The Gold Rush (United Artists) (1925)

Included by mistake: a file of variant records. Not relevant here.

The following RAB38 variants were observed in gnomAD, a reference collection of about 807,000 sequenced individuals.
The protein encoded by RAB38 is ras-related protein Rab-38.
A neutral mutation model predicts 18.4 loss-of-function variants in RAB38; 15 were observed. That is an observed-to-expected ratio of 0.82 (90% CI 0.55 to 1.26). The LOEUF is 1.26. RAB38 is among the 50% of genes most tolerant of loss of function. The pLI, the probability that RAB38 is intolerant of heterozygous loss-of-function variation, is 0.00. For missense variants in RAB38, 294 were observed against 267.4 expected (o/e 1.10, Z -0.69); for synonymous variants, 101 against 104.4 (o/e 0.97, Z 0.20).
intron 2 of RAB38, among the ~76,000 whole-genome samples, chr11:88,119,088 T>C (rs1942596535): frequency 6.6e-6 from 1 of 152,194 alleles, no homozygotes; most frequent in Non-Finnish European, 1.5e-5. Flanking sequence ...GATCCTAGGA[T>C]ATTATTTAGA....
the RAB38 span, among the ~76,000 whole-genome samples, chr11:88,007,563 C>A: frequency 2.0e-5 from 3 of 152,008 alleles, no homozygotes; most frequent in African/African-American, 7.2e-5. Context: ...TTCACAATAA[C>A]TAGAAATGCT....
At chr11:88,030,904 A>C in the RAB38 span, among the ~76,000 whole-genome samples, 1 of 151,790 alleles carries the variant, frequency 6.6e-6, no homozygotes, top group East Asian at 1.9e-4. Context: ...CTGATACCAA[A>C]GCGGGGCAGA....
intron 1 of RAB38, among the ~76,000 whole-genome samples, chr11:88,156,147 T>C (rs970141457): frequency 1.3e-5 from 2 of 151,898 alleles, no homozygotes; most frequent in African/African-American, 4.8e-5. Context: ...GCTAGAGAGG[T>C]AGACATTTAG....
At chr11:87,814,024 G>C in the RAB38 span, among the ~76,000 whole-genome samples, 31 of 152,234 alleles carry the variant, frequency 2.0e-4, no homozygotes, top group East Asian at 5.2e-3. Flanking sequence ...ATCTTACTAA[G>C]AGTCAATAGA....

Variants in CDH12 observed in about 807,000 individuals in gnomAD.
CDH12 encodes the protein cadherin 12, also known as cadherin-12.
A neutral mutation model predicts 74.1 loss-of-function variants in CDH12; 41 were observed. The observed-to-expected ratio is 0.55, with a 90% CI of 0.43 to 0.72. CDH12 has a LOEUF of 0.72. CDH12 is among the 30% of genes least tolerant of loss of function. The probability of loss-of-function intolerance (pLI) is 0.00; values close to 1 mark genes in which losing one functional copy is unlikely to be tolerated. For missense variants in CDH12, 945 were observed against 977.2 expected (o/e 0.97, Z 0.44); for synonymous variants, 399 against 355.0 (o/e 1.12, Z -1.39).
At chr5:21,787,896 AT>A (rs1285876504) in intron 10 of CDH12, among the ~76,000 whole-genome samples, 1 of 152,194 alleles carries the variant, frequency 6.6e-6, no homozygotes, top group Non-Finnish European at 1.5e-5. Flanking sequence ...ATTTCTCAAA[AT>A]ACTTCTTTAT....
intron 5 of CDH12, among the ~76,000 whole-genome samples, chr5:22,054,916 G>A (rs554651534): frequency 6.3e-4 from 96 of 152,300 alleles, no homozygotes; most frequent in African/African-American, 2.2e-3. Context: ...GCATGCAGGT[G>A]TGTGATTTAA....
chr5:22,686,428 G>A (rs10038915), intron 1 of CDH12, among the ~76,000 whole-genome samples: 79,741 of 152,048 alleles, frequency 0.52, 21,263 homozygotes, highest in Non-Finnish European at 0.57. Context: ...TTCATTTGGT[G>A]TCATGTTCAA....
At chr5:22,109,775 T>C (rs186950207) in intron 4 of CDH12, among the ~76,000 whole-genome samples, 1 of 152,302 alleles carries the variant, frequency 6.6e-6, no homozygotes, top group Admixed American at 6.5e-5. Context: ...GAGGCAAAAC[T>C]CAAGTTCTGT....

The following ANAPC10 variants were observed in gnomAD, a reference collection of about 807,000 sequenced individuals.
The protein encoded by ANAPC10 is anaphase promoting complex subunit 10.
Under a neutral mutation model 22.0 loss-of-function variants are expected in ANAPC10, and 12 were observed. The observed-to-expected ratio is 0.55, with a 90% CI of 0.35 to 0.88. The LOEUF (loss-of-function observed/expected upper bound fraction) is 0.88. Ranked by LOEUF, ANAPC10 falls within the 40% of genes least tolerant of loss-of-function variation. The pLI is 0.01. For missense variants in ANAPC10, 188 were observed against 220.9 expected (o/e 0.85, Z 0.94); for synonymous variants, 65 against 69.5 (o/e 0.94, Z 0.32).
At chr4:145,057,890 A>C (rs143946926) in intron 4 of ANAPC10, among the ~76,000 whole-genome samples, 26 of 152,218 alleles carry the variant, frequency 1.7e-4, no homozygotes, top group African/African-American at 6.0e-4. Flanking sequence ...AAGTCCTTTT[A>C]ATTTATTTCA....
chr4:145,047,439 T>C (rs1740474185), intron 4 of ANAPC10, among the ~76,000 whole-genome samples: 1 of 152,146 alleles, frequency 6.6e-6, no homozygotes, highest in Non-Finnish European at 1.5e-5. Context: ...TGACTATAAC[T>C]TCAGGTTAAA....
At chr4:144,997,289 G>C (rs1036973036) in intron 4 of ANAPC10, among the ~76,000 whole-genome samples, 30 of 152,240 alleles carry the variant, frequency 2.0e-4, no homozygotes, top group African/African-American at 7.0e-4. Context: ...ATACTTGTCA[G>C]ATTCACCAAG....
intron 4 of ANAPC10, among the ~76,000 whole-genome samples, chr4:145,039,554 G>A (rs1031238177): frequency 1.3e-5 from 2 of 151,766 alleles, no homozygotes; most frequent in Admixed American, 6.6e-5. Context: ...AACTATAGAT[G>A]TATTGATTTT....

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First Advance Stories—Cast and Synopsis “THE GOLD RUSH” IS CHAPUN’S GREATEST PATHOS AND COMEDY IN CHAPLIN FILM BILLING, CAST AND SYNOPSIS for CHARLIE CHAPLIN Super-Comedy Booked as Feature Attraction by the Blank Theatre Manager At last, the world’s foremost comed¬ ian, Charlie Chaplin, has launched his greatest comedy, “The Gold Rush,” on the sea of popular fancy. Announce¬ ment is made by Manager . of the .Theatre, that he has paid the record price for any photo¬ play ever shown in .and that the celebrated star’s new United Artists Corporation release comes here next . For sixteen months, Charlie Chap¬ lin worked on this production. During that time he was practically a hermit— recluse to all, save his studio associates. Only the vaguest announcements of pro¬ gress oil “The Gold Rush” came from his studio. The factory system of movies, and the consequent mediocrity as an art, have in Charlie Chaplin an example of the opposite production method in this dramatic comedy. It has been made w>th -the artist’s necessary leisure. It was never restricted by definite schedule or time-clock methods, but inspired by Chaphn with a passion for perfection as his only taskmaster. When Chaplin works, he burrows into solitude. He broods, agonizes, sweats comedy and its dramatic counterbalance from his soul. He creates by inspira- Uon. When the mood is upon him, he toils feverishly. Then he may rest and brood again for weeks—and always when the productive throes are upon him he is sensitive to the thumpings of the outside world. Chaplin senses, and expresses more than any other entertainer, the close af¬ finity between the ludicrous and the pa¬ thetic; his comedy springs from within -—more as a matter of mood than of circumstance. Usually he needs very little story structure to his comedy, but in “The Gold Rush” he has created a rugged story in which laughter surges from the spectacle of a valiant weak¬ ling; facing perils which strewed the paths of the early gold seekers with skeletons. In the role of a hardluck sourdough, dressed in the baggy pants, the floppy shoes, the old derby and funny cane of early association, Charlie twists the sufferings of the Alaskan pioneers into a strange commingling of humor and tragedy. He thaws fun from a frosty, forbidding background. The treatment is wholly unlike anything hitherto done, and strikes a new note in photo drama¬ tics. Charlie Chaplin’s “The Gold Rush” contains comedy, drama, satire, melo¬ drama, farce. Not to forget a little slapstick—and everything else in the way of entertainment all rolled into one big tra reeled film. This great picture will be shown in . at the . The¬ atre for the first time next . evening, and Manager . has made special arrangements for the handling of the crowds. Also first aid treatment will be rendered to those OAercome by laughter. Great Comedian Seen as Pathetic Tenderfoot in “The Gold Rush” In “The Gold Rush,” called Charlie Chaplin’s greatest comedy, and coming nqxt . to the . under a United Artists Corporation re¬ lease, the world’s most famous com¬ edian is seen as a pathetic tenderfoot struggling along with hundreds of others who are in search of gold in the Klondike. Poetic pathos and whimsical comedy are cleverly blended in this film. There is one scene in which Charlie, a be¬ draggled bit of humanity, finds a sym¬ pathizer and sweetheart—a girl in a dance hall. She dances with the little tramp who beams over her shoulder into the eyes of his rival, a wealthy miner. There is Jim McKay, a giant as strong as an ox. McKay is enraged and Charlie trembles as the big man menaces him. The little man thinks after all that death is better than the loss of the queen of the dance-hall. To have the right types in Truckee, in Northern California, where many scenes of this picture were produced. Chaplin took out a special trainload of hoboes with well-seared countenances and tattered clothes. In several sequences it seems an end¬ less line of ragged humanity that is crossing the Chilkoot Pass. A blizzard rages and men are blown about helpless¬ ly. They fight on doggedly, as this winding path cut through the snows over a precipitous mountainside, is the gateway to their goal, the Klondike. Then in another stretch there is Black Larsen, who lives in terror of the police. He builds a hut in the Alaska mountains and lives as a hermit amid snow and ice. To this hut comes the pathetic Chaplin. He knocks at the door for a rest before plodding along to the land of gold. Larsen does not care who starves, as he is not going to take any chances of the police appre¬ hending him. The scenes aboard a big steamship are full of human interest. The luxury and comfort of the first cabin are contrasted with the misery, want and sickness in the steerage. There is the little man, who a few years before went on the long hike to the Klondike, and who now aboard the great vessel, is seen wrapped in costly furs. He is unhappy because he has lost his girl. But in the steerage there is a girl returning home from Alaska wishing she could find her dear little tramp again. KLONDIKE STAMPEDE CHAPLJOILM THEME “The Gold Rush” Called Greatest Comedy Celebrated Laugh- Maker Ever Produced The Alaska of the days of the Klon¬ dike gold rush; the lone prospector; miners, big and little and old and young; dance-halls and dance-hall girls and “THE GOLD RUSH” A Dramatic Comedy Written and Directed by CHARLIE CHAPLIN Released by United Artists Corporation THE LONE PROSPECTOR Big Jim McKay . Black Larsen . The Girl . Jack Cameron . Hank Curtis . THE CAST .CHARLIE CHAPLIN .Mack Swain .Tom Murray .Georgia Hale .Malcolm. Waite .Henry Bergman Miners, Dancehall Girls and Habitues, Inhabitants, Officers, Assayers, Ships Officers, Passengers, Reporters, Photographers, Etc. Locale: The Alaskan Northwest. During the Days of The Gold Rush Copyright 1925, By Charles Chaplin STUDIO STAFF Associate Director, Charles F. Reisner; Assistant Director, H. d’Abbadie d’Arrast; Technical Director, Charles D. Hall; Cinematographer, Roland H. Totheroh; Cameraman, Jack Wilson; Editorial, Edward Manson; General Manager, Alfred Reeves. THE synopsis' The picture opens with a long line of human ants toiling up a snow-clad mountain side. The story, presented against a rugged background of Alaskan Northwest, for the time being, concerns only three individuals. First, a valiant weakling in the role of a hardluck sourdough; a lone pros¬ pector facing perils which strewed the paths of the early gold-seekers with skeletons. Second, Black Larsen, one of the backwash of the underworld, outlawed, and wanted by the police; living in a lonely cabin, hidden away in the barren snow wastes of the far North. Third, Big* Jim McKay, a hardy pioneer. A man of might and brawn. A giant who has found a mountain of gold and is secretly digging from the frozen fastnesses nature’s hoarded treasure. Fate brought these three together—then hurried on its next playground, regardless of what happened. A terrific storm had driven, first the lone prospector, then Big Jim, to the cabin of Black Larsen. Together the three were herded against their wishes; the raging storm holding them captive. Hungry they became to the point of starvation, and in desperation lots were drawn to decide which would brave the storm to procure food. To Black Larsen fell the task, and in pushing forward through the blinding storm he encountered the omnipresent hand of the law; two officers in search of him. In a running gun fight, he shoots them. Taking their sleigh, laden With food, and unmindful of the plight of the two men left in. the cabin, he rushes on to stumble into the claim of Big Jim McKay. Through days -of hunger the two strange companions who had been left in the shack survive until the fortunate killing of a big black bear puts an end to their starvation. Their packs re-provisioned with bear meat they part —one to his secret mine, the other to whatever fate holds in store. Big Jim, on reaching his secret claim, finds Larsen already there and in possession. They fight, and Larsen brutally beats McKay with a shovel. Leaving him for dead, he rushes on with the plunder. But the North is a law unto itself, and Black Larsen finds himself engulfed by a moving avalanche and is swept over a mountain precipice. The Lone Prospector has reached one of the many cities which were built over night during the great rush for gold. There he sees Georgia, a flower of^ the dance-hall. It is love at first sight for him, hut unrequited love as the girl is oblivious of his heart yearnings. Hank Curtis, a big-hearted mine owner befriends Lonely, and leaves him to take care of his cabin. There, Lonely dreams of his love,, Georgia. He is the laughing stock of the village, and butt of the practical jokes of Jack Cameron, the ladies’-man of the town. Cameron is an admirer of Georgia, and knowing Lonely’s secret love for_ the girl, sends a note to him wherein the girl declares her love. Lonely, believing the note from Georgia is really intended for him, starts rushing through the dance-hall in search of her. At that moment. Big Jim McKay enters. He has recovered, but has conipletely lost his memory, and only knows that should he ever find the cabin again, he could locate his mountain of gold. Lonely is the one man who can take him there. As Lonely is frantically looking for Georgia, Mc¬ Kay grabs him, and shouts: “Take me to the cabin and I’ll make you a millionaire in less than a month!’’ Lonely sees Georgia just then, and rush¬ ing to her, embraces her and declares his love—to the astonishment of all. McKay unceremoniously drags him from the dance-hall,—Lonely shouting to Georgia, as he unwillingly leaves, that he will come back for her a millionaire. Big Jim McKay and his partner, the Lone Prospector, have struck it rich and are returning in affluence aboard. Lonely has everything to make him happy, hut he could not find his love, Georgia. His search for her was in vain. She had disappeared from the dance-hall and all its associates. But there, by a strange turn of fate—in the steerage, is the girl of his dreams. By an accident he finds her there, and as the reporters are getting a story of his career, they sense a romance and immediately ask who is the girl. Lonely whispers to Georgia, who nods her consent. "They pose for the photographer, and as the shutter closes the reporter exclaims: “What a wonderful story this will make!’’ hangerson; mining camp types of all sorts; assayers; ships’ officers and crews; incoming and outgoing passen¬ gers ; newspaper correspondents and photographers—this is the locale and these are the people pictured in Charlie Chaplin’s new motion picture comedy, “The Gold Rush,” heralded by critics and experts as the greatest of all Chap¬ lin comedies. “The Gold Rush,” a United Artists Corporation release, is booked as the feature attraction for next . at the . theatre and the film is claimed to be the funniest that Chaplin has ever made. The picture is in nine reels, and photoplay experts de¬ clare the ninth has more laughs in it than the first, and that the first is bet¬ ter than any previous Chaplin laugh producer. Chaplin jwrtrays the lone prospector, and others in the cast are Mack Swain, Tom Murray, Georgia Hale, who has the leading feminine role, Malcolm Waite and Henry Bergman.